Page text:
The Young Desire It
REVIEW: There is nothing so seductive and yet elusive as the memories of our first experiences in love. We can recall the actions - shared glances, a sweet paralysis, then the first touch, perhaps a chaste kiss - but this is not what we desire. We want to feel again the fear, the pleasure, the tremors and the foreign breath. But it is this that eludes us.
Unless we stumble across an artist who can recreate these feelings for us.
Recently Text Publishing sent me a copy of The Young Desire It by Kenneth Mackenzie. Published to acclaim in 1937 and virtually lost to us since Mackenzie's early death in 1955, The Young Desire It is another great find and perfect fit for the Text Classics collection.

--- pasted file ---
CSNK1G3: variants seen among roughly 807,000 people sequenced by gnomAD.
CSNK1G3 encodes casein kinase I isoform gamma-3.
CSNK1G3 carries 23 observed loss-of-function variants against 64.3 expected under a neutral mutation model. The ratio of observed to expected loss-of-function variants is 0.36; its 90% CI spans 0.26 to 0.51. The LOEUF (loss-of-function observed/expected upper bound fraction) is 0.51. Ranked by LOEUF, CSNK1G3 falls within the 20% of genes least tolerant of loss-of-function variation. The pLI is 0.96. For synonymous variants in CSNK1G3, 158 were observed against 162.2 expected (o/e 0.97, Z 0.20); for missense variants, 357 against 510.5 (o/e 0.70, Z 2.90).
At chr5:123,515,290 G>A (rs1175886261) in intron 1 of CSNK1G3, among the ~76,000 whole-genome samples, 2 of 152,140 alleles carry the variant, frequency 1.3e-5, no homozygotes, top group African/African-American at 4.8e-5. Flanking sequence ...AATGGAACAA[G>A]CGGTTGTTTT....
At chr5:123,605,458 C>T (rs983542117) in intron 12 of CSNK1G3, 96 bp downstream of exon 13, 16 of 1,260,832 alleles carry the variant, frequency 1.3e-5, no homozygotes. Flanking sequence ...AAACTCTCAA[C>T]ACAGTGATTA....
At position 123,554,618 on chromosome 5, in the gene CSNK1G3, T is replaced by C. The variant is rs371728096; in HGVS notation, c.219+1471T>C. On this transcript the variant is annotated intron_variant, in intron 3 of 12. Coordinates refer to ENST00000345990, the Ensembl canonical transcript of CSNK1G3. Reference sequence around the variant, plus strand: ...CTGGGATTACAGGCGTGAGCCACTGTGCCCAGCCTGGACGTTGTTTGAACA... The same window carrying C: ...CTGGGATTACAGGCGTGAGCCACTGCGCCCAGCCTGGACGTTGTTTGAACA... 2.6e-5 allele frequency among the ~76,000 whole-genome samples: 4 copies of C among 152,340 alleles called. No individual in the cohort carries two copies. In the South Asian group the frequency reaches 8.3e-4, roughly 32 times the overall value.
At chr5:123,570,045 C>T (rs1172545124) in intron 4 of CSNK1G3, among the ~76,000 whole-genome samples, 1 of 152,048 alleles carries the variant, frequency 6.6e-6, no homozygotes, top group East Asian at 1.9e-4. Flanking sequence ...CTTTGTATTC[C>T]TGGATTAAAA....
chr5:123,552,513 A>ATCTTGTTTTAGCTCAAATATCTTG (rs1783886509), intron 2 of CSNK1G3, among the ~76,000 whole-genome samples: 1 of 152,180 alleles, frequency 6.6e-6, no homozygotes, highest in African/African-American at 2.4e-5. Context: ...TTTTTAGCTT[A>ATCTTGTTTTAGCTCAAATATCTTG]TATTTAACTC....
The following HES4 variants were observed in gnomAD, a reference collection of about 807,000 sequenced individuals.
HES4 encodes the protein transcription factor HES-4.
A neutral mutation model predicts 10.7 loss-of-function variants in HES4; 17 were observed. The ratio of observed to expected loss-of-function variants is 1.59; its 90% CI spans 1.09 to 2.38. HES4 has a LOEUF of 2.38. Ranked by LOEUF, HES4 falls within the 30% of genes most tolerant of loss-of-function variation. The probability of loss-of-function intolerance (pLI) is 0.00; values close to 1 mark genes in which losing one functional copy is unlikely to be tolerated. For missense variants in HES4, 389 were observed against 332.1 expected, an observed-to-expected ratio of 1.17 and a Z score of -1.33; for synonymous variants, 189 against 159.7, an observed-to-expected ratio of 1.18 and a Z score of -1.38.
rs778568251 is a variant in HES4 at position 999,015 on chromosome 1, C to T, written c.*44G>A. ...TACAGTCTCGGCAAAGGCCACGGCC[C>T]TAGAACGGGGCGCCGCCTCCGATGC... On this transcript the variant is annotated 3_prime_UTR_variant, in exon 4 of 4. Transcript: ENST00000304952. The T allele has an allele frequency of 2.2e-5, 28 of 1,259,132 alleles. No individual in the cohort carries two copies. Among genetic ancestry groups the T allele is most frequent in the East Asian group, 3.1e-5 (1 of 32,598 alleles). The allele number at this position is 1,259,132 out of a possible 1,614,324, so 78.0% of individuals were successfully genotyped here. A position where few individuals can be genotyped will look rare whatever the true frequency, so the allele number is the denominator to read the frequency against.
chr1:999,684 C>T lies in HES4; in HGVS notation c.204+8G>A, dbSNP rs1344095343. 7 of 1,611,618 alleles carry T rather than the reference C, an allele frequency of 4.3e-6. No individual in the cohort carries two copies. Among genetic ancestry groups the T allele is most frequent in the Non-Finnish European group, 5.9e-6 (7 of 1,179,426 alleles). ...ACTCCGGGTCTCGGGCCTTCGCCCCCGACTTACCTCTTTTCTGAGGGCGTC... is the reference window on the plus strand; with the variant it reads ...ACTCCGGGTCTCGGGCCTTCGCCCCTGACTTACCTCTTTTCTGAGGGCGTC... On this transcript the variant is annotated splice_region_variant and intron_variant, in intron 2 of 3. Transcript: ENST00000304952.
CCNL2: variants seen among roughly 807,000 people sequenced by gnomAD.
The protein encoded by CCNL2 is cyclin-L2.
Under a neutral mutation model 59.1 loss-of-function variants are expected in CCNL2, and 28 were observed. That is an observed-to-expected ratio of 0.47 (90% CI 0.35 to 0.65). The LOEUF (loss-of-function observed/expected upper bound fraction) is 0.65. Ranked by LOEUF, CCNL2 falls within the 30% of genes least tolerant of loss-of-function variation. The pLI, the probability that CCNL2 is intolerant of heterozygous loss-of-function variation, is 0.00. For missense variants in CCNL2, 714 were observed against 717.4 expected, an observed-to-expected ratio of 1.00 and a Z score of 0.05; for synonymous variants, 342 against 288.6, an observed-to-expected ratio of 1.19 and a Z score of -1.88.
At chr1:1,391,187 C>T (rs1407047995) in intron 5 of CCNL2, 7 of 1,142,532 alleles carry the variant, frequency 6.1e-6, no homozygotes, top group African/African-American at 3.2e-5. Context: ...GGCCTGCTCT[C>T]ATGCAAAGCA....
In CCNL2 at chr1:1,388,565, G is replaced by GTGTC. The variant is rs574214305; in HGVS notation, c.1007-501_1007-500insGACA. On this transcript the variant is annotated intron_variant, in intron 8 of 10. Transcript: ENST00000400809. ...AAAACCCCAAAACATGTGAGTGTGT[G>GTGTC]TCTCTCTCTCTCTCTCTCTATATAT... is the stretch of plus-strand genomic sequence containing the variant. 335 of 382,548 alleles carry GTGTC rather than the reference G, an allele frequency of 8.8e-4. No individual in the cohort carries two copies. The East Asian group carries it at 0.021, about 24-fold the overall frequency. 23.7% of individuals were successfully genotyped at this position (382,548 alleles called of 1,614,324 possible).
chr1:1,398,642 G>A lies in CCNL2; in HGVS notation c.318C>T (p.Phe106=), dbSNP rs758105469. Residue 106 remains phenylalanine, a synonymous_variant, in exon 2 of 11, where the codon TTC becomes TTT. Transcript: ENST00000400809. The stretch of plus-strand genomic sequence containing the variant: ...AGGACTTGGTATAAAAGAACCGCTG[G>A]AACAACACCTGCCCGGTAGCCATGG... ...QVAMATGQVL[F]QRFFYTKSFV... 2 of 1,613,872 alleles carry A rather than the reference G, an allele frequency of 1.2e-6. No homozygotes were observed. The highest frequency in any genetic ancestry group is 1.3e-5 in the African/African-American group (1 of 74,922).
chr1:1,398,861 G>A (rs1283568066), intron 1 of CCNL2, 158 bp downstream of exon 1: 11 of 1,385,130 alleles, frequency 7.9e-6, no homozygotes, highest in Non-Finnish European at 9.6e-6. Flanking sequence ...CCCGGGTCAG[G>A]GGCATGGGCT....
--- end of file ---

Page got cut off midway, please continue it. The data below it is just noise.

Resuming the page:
This is very much the work of a young novelist. Recounting a home schooled adolescent's experiences after he is sent to boarding school, there is very little story beyond this transformational transition from boy to man. Mackenzie was just seventeen when he started writing the novel and twenty-five when it was published. He was as close to the subject as any artist can hope to be and within these pages Mackenzie has captured for all time the sensation of first love. For which we must all be thankful though some may find the poetical prose hard going.